Consumer Court – Government Should Allow a Tax Amnesty [column]

This week’s column heading comes from a letter written by Benjamin Franklin to Jean-Baptiste Leroy in 1789. The full quote is “Our new Constitution is now established, and has an appearance that promises permanency but in this world nothing can be said to be certain, except death and taxes.”

I recently read with great joy that the pensioners would from now on be receiving an amount of N$1 000 per month. This news was provided by our President and confirmed by the Minister of Finance. If you remember dear reader, I wrote in the consumer column of 28 January 2015, “.. would it also not be a sign of a mature country to provide sufficiently for our elderly with a state pension of at least N$1 200 per month? If we give this a little thought, perhaps we too can honour our mothers and fathers that our days on earth might be long.” It appears our political leaders have heard the voices of the masses and have shown their respect too for our elderly.

The 31st of March typically indicates the end of the financial year for government and the start of a new contract period for people like myself who work on an annual basis with a government department or institution. This brought me to the payment of personal taxes as I have to receive my Pay As You Earn (PAYE) slips and submit them to the Ministry of Finance. This personal tax is after all the money that the government earns and allows them to provide for bigger pension payouts for our elderly.

As consumers and taxpayers not all of us have the ability and expertise to always fill in our tax forms to the best possible aantage and thus receive the “tax breaks” enjoyed by some. For some taxpayers there were even periods when they were unemployed and did not perhaps fill inn their tax returns.

I would like to propose to the newly appointed Minister of Finance that the government introduces a tax amnesty. A tax amnesty is a limited time opportunity for taxpayers (or a specified group of taxpayers) to pay a defined amount in exchange for which they receive forgiveness of a tax liability relating to a previous tax period without fear of criminal prosecution.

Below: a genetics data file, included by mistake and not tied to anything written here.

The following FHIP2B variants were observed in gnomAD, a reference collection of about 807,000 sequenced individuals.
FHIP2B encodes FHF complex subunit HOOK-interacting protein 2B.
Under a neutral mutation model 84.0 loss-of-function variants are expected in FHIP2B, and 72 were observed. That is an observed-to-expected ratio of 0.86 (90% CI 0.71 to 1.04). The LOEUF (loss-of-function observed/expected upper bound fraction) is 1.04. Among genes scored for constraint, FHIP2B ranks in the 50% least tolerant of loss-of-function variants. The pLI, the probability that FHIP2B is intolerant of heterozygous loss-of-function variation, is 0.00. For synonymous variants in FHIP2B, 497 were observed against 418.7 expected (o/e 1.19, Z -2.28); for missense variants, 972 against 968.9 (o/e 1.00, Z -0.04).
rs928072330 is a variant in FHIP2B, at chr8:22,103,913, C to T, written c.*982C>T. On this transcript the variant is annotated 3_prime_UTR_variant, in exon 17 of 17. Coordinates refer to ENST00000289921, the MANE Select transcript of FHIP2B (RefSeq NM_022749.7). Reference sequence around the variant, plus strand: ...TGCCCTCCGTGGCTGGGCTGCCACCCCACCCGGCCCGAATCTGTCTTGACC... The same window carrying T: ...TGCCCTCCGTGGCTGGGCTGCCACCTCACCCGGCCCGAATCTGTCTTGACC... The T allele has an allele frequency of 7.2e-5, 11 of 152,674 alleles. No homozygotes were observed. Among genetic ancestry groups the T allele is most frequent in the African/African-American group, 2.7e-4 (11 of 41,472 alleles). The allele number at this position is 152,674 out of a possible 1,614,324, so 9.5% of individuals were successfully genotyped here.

In terms of an amnesty, I propose that the minister give ALL Namibians an amnesty for all previous years that tax returns have not been submitted on condition that all outstanding returns are completed – especially for the period ending 28 February 2015 – before a set date. For example in this year amnesty could be given until June 30.

An amnesty will allow the government to collect as much tax revenue as possible in a very short period of time. Typically all taxpayers should submit their returns before the amnesty closing date and in return the government can reduce penalties or even waive all penalties completely. This will allow taxpayers an opportunity to pay any outstanding taxes with fewer penalties (or no penalties) than might otherwise apply. For a taxpayer to qualify for the amnesty, they must pay the entire amount of taxes due by the program’s deadline.

Having spoken to many consumers, especially in the lower income brackets, it was noted that many did not have a lot of knowledge of taxes and simply accepted that the tax deducted by the employer (if they have a job) was done correctly. In quite a few cases it was found that taxpayers have not done the necessary paperwork and submitted their tax returns as expected.

Thus an amnesty must go hand in hand with a taxpayer education programme to assist in ensuring they too can benefit from the process. Taxpayers not only benefit through the services such as roads, etc. that the government provide, but can also benefit through tax returns if they qualify and know how to go about filling in the forms correctly.

– Milton Shaanika-Louw is a consumer activist and prolific blogger on consumer protection issues ( He serves as the voluntary director at Namibia Consumer Protection Group.

Source : New Era